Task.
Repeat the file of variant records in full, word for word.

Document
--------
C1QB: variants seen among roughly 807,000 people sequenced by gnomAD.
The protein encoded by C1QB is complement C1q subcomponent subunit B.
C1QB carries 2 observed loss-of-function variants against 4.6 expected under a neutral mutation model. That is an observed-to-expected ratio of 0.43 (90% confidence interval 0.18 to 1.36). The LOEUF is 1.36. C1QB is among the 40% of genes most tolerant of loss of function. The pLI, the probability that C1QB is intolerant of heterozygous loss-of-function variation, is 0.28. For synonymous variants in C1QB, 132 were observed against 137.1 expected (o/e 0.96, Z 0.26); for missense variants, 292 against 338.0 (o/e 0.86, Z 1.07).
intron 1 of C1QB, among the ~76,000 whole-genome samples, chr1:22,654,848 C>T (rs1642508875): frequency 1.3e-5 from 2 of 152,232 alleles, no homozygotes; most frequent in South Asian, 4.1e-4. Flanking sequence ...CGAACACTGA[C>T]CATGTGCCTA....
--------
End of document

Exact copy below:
C1QB: variants seen among roughly 807,000 people sequenced by gnomAD.
The protein encoded by C1QB is complement C1q subcomponent subunit B.
C1QB carries 2 observed loss-of-function variants against 4.6 expected under a neutral mutation model. That is an observed-to-expected ratio of 0.43 (90% confidence interval 0.18 to 1.36). The LOEUF is 1.36. C1QB is among the 40% of genes most tolerant of loss of function. The pLI, the probability that C1QB is intolerant of heterozygous loss-of-function variation, is 0.28. For synonymous variants in C1QB, 132 were observed against 137.1 expected (o/e 0.96, Z 0.26); for missense variants, 292 against 338.0 (o/e 0.86, Z 1.07).
intron 1 of C1QB, among the ~76,000 whole-genome samples, chr1:22,654,848 C>T (rs1642508875): frequency 1.3e-5 from 2 of 152,232 alleles, no homozygotes; most frequent in South Asian, 4.1e-4. Flanking sequence ...CGAACACTGA[C>T]CATGTGCCTA....